I'm so glad you found me! I'm a San Francisco photographer, and this blog charts my journey in the ever-evolving world of photography. One of the things I love about photography is that it's a journey, not a destination. I'm constantly learning and meeting wonderful people. Please peruse the blog to your heart's content, then check out my website and feel free to contact me! (I love hearing from you.)

“Which of my photographs is my favorite? The one I’m going to take tomorrow." – Imogen Cunningham

“A portrait is not made in the camera but on either side of it.” – Edward Steichen

Is Film Better? Who Knows? Is It Harder? Yes, Maybe. Is It More Expensive? It Feels That Way, Yes.

OK, here are some shots from my first roll of film with the Elan 7n (what does the n mean? I haven't been able to figure that out yet. Nifty? Naughty? Negligent? N . . ?)

I bought some Kodak Ektar 100 and some Portra 160 to start with. These are all Ektar shots, I'll show you the Portra next week.

But first, I would really like a huge round of applause for having ANYTHING to show you at all. Honestly, I was expecting wildly over and underexposed shots, maybe some light leaks or the film not advancing properly (look, I know it's not a Holga, but I'm a beginner, ok?).

When I went to drop off my film for process, prints, and scan I was surprised that I didn't have to pay up front.

"That's because we only print the frames that were properly exposed," the surprisingly friendly guy behind the counter said.

I laughed nervously. "Well, hopefully all of them."


But I think we both knew that wasn't a given.

So when I came back two days later to be greeted with 72 prints (36 from each roll! yay!), I was just a little bit proud. Proud that shooting in manual mode on a film camera I hadn't totally screwed it up. Good pictures, bad pictures, who knew, but at least I had pictures. I was also a little shell-shocked that 2 rolls had cost me $50 to process (with 4x6 prints and a CD). That brought the total per frame to almost exactly a dollar each. I'd spent more on the first two rolls than I had on the camera.

So, anyway, here's about 25% of that roll. (I still haven't completely broken the habit of shooting multiple shots of the same thing, but I'm working on it.) Let me know what you think. I'm honestly not quite sure myself.

These shots are of the same subject as this blog post. Not shot the same day, so it's not an apples to apples comparison, the light was different, but they do have quite a different feeling.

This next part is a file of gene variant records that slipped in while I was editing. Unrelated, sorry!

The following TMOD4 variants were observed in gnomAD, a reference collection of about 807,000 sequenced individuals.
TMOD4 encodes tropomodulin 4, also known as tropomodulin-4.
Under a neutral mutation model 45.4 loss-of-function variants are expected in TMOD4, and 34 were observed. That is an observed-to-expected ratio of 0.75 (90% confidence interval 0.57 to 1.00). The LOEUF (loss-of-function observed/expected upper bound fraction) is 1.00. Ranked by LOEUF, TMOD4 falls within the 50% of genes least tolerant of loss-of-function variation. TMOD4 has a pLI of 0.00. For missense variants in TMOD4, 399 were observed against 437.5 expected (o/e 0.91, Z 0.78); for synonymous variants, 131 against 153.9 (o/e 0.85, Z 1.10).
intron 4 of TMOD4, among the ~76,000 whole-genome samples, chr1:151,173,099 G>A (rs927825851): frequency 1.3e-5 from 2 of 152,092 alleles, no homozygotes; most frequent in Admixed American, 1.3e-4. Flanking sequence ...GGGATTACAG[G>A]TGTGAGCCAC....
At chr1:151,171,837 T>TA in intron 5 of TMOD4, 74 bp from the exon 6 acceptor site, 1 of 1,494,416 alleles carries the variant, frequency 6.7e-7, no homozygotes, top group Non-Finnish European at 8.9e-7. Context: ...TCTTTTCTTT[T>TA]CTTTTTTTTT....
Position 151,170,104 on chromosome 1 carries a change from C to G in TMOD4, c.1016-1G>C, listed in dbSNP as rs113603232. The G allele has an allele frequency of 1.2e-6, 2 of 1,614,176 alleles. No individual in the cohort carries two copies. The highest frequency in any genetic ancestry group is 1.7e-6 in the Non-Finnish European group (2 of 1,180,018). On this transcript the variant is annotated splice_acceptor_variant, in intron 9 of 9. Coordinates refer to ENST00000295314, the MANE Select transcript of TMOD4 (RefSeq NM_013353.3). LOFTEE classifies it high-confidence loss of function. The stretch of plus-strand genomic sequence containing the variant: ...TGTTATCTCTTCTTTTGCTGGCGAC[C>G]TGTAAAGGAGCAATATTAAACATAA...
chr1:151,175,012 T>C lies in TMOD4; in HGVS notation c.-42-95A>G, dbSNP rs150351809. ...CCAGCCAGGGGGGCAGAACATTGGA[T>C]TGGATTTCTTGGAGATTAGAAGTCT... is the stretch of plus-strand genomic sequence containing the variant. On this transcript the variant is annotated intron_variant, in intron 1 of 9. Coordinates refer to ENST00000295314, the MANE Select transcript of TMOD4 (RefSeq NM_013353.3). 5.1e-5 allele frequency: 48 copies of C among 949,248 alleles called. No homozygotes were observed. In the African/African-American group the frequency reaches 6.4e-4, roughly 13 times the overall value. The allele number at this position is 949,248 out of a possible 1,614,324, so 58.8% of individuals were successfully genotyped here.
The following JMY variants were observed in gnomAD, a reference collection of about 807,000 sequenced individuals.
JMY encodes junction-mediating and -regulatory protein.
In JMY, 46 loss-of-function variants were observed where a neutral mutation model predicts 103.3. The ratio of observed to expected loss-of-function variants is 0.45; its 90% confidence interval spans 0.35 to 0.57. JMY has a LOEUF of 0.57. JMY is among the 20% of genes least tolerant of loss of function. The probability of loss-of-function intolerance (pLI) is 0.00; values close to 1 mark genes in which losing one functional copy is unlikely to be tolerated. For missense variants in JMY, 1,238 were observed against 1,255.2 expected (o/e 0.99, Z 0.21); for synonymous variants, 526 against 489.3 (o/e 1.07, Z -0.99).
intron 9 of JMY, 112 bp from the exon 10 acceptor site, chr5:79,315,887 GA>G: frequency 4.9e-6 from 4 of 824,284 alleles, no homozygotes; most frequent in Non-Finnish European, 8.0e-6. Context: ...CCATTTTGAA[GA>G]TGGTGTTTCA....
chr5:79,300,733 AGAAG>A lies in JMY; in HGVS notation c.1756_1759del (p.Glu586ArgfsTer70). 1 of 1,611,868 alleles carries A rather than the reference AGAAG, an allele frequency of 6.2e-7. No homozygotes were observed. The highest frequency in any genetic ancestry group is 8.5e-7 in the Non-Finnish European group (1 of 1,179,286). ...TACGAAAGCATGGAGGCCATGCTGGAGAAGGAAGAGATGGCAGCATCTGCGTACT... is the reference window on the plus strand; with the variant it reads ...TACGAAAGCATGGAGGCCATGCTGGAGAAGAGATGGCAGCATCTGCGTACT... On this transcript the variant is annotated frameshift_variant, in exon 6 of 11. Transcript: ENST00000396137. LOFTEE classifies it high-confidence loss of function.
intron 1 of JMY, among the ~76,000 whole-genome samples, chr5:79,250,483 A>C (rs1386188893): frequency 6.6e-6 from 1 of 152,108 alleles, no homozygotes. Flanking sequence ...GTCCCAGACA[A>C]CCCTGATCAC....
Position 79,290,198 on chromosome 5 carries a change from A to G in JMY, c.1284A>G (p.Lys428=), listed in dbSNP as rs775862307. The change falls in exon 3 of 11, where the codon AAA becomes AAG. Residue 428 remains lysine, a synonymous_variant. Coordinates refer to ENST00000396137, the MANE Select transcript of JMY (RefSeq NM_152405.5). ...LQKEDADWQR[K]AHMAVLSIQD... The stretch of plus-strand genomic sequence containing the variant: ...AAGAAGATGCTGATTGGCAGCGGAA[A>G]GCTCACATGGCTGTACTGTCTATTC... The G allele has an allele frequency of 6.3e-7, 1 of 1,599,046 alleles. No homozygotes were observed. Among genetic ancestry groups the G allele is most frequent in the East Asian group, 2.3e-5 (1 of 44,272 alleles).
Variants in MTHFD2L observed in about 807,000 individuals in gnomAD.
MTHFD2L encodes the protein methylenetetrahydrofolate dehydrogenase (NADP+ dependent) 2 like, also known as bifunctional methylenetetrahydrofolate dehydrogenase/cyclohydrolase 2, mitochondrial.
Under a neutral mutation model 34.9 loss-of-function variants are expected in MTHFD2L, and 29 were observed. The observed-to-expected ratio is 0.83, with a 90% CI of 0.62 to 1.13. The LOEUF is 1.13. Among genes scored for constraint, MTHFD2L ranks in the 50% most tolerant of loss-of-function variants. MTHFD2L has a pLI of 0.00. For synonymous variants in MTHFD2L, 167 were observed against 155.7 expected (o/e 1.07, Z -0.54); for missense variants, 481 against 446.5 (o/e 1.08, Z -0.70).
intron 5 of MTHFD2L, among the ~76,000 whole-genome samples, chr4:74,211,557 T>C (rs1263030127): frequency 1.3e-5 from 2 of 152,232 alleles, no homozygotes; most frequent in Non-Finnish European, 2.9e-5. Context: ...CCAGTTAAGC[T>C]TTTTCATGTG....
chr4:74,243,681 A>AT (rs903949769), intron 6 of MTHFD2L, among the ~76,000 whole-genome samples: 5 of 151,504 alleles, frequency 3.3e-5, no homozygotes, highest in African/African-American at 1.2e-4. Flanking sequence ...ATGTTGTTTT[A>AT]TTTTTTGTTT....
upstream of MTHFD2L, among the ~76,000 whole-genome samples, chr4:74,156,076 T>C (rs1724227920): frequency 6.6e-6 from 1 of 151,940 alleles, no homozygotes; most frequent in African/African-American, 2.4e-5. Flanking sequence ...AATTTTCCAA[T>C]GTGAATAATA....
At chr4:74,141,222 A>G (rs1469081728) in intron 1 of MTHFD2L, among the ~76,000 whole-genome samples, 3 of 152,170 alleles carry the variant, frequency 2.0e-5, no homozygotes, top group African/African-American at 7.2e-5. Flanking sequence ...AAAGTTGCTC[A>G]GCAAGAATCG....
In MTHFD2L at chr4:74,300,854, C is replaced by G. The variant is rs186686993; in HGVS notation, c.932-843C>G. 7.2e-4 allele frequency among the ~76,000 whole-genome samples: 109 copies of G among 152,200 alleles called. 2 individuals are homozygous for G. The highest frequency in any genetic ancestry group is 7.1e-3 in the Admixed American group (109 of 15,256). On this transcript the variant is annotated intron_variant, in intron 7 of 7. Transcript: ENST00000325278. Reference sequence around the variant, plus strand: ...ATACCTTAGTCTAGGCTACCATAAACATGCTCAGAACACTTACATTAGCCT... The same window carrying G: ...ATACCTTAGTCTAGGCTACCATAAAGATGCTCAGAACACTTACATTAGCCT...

And this shot is one that I think would also have felt completely different in digital. For one thing, I'm pretty sure that the sky would have been a bit more blown out.

The flower doesn't seem too different to me, however.

Also compare to the sunflower here. Again, different day, different location, different light, but still. I think you can see what the film brings.

I purposely haven't edited these photos at all, except to resize them a bit for the blog. Color, contrast, crop, it's all just the way I got the scans.

So, what do you guys think? Is film a fool's errand these days? It might be. But I think I'll play with it a little more. Any recommendations of other films I should try? I have a roll of Neopan 400 in the camera right now, and I'm finding it difficult to compose in black and white. And I think I want to try out Fuji's 160S and 400H sometime soon. Any other tips from people with more experience than me?


  1. I think film is very important to learn, as you really are careful about f-stops and exposure and whatnot. More thinking before you shoot. Obviously digital is simpler, but I imagine you'll find getting a good shot with digital is easier after you spend some time with film.

  2. That's my hope! Plus, there's something exciting about not knowing what exactly happened when you pressed the shutter button.

  3. Film? Fruitcake nutsiness if you ask me - but enjoy yourself! :)

    PS - I think film is easier than digital (as long as your camera has a built-in meter!). Film has a much nicer 'shoulder' at the highlights - harder to blow out a sky with film.

    And with color film, after you press the shutter, your commitment to improving that shot is pretty much over. With digital - it never really ends. Every few years there's some new PP miracle just begging you to revisit all your old files and start from scratch all over again. :)


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